Eventually, once you’ve built your profile and ratio up, instead of you being the one to request titles to read, publishers may actually be the one to contact you and invite you personally to read their books! This hasn’t happened to me (just yet, hopefully 😛 ) but I can only image how fun and amazing that must feel.
So that’s NetGalley in a nutshell (“NetGalley in a nutshell” is kind of a tongue twister, huh? Okay. Totally off topic.) BUT… NetGalley isn’t only a place for professional readers but also an amazing place for authors and publishers. I don’t know much about this side of NetGalley since I’m neither an author or work for a publishing company (one day, though, one day). What I do know is that NetGalley provides a space for publishers to interact with their growing member community and allows them to invite their own contacts to view titles. This might be helpful especially for the smaller publishing companies looking to expand their consumers and number of audience.
Now let’s talk about the advantages and disadvantages of NetGalley. Keep in mind that these are MY opinions and personal preferences. What works for me might not work for you and vice versa. I am also only speaking from my own experience.
What I enjoy about NetGalley
Personally I have never encountered any major issues with NetGalley, both external or internal. I very much enjoy being a member of NetGalley because it gives me a sense of belonging. I like knowing that I am a part of a huge community that focuses on many different kinds of literature. It makes me feel good that I am a part of a large group that are more or less passionate about books the same way that I am and it makes me feel even better that I am able to contribute and help out up-and-coming authors—as well as very known authors—and publishing companies. It’s gratifying knowing that by simply giving feedback/reviews, I am in one way or another supporting the works of many different writers.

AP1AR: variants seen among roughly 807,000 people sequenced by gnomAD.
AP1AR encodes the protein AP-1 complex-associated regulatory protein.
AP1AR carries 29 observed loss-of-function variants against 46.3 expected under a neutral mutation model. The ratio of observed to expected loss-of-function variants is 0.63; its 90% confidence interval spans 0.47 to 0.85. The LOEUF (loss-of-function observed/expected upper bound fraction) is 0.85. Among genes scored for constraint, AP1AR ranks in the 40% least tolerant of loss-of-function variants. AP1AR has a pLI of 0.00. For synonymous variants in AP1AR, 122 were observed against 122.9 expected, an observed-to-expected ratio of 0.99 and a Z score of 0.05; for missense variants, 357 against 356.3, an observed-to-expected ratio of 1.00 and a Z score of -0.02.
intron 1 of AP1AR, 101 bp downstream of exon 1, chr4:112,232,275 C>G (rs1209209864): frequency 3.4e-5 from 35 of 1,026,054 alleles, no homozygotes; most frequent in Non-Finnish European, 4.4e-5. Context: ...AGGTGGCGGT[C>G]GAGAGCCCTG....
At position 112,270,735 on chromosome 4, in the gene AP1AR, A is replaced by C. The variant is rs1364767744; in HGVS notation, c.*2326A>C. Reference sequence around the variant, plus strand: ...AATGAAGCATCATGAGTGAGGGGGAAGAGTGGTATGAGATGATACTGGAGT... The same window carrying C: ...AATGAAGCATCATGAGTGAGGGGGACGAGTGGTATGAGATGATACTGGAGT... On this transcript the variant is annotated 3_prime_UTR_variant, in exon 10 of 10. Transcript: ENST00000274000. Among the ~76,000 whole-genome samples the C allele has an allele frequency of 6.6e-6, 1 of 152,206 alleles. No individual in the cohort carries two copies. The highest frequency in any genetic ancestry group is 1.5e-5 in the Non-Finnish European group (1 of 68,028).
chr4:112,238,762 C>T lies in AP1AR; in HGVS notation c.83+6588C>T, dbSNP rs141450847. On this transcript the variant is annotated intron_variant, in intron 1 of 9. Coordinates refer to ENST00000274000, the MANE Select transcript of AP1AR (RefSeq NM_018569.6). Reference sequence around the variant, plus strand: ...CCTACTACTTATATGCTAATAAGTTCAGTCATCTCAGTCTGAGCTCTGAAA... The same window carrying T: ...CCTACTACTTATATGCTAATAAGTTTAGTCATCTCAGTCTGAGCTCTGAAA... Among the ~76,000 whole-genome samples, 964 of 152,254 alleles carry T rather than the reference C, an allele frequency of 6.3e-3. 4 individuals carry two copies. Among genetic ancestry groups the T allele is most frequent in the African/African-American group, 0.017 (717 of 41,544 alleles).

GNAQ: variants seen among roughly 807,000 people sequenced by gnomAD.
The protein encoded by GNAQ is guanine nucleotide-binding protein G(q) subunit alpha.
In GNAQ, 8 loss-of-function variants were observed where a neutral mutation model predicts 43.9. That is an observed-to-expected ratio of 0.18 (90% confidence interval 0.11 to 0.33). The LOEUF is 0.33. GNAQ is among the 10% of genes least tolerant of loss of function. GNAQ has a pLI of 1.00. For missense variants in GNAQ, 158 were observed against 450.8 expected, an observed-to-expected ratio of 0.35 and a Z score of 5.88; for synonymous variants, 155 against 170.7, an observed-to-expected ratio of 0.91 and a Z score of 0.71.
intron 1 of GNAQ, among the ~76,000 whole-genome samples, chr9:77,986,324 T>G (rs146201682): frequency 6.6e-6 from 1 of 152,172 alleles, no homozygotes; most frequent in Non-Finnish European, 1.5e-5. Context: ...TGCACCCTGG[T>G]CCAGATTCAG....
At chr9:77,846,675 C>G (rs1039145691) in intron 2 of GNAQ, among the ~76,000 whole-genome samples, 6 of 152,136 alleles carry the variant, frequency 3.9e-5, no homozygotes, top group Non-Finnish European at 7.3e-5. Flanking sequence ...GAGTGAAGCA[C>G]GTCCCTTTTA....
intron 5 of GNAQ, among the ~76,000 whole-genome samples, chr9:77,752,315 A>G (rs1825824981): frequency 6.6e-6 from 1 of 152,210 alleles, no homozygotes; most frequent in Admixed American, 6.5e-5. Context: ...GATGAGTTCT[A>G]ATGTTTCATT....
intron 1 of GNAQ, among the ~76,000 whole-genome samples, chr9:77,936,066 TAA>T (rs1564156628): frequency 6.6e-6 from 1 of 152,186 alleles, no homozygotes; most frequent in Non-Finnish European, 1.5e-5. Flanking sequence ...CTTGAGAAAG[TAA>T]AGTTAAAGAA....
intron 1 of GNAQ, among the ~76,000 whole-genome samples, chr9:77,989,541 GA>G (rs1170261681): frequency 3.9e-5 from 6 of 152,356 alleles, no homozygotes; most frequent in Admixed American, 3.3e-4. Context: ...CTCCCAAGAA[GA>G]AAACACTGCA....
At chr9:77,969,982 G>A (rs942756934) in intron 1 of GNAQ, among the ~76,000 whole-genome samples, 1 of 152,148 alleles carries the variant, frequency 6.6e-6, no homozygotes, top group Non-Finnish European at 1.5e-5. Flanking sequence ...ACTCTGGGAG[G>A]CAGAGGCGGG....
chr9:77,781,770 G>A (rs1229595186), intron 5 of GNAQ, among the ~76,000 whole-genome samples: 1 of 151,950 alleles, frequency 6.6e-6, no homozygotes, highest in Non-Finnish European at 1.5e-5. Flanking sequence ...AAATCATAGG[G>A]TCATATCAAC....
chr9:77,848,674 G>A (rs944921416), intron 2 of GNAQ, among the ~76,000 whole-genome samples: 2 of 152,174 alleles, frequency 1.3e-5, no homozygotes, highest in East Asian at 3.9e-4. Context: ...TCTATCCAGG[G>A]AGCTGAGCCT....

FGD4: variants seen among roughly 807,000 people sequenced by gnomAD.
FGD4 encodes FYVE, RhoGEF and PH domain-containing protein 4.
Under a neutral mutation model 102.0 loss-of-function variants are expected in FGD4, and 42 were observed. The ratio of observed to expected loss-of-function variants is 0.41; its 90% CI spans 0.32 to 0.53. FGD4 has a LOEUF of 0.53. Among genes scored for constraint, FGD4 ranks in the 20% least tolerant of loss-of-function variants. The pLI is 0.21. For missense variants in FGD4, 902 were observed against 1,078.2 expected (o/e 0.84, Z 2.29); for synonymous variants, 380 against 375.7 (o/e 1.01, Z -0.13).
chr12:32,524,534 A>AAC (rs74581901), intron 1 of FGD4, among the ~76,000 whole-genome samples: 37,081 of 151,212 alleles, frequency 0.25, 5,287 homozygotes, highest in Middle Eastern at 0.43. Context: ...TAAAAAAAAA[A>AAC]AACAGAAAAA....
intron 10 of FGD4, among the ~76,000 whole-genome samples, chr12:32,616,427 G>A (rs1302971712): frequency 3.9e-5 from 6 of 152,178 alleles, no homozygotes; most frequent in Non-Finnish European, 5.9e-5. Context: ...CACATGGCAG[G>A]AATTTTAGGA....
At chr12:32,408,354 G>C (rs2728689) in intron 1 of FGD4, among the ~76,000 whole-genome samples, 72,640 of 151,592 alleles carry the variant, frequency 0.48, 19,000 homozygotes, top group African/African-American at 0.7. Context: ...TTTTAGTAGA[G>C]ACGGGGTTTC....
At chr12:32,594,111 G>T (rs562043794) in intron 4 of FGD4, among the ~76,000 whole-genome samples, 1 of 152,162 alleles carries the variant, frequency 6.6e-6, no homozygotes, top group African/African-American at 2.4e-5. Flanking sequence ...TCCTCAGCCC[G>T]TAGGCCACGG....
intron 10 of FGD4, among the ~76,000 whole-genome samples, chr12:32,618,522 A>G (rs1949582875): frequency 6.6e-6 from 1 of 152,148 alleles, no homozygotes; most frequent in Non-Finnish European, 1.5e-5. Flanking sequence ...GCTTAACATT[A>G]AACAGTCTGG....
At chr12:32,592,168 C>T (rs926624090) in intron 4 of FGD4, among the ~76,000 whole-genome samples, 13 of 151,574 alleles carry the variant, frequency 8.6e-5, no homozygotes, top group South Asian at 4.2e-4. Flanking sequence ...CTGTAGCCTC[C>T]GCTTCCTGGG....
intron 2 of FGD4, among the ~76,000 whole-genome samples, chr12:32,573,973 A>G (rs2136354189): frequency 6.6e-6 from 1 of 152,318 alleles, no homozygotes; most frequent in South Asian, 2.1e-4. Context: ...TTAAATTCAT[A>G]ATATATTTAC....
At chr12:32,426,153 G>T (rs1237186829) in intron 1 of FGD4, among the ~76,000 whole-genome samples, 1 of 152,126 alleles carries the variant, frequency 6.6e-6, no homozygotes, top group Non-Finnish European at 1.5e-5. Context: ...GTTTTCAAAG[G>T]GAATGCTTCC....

I also really love the selection of books available on NetGalley. I have discovered many new amazing authors just by simply going through some of the selections. More specifically, I enjoy NetGalley for the quicker reads such as comic books, graphic novels, and humor books. Personally, I find it doesn’t always work out with me when I request general fiction because general fiction take a little (or a lot) longer to read than the comic books and graphic novels. When a book sits on my shelf for too long, I tend to forget about it and then I fail to give feedback, thus making my feedback ratio go down by a little or sometimes a lot.
While I can go on longer saying many other lovable and sweet mushy things about NetGalley ❤ … there is one downside to it. Which now brings me to my next point.
The disadvantage of NetGalley
As I’ve mentioned earlier, I went on a three month long hiatus from NetGalley. It wasn’t because of an external issue, per se. It was more because of my personal preference. If you’ve been around and following my blog for a while, you’ll remember that in one of my posts, I talk about how I prefer physical books over ebooks (you can check out that blog post here if you missed it). No, I am not at all against ebooks. As a matter of fact, I love ebooks. Just…not as much as I love and appreciate physical books.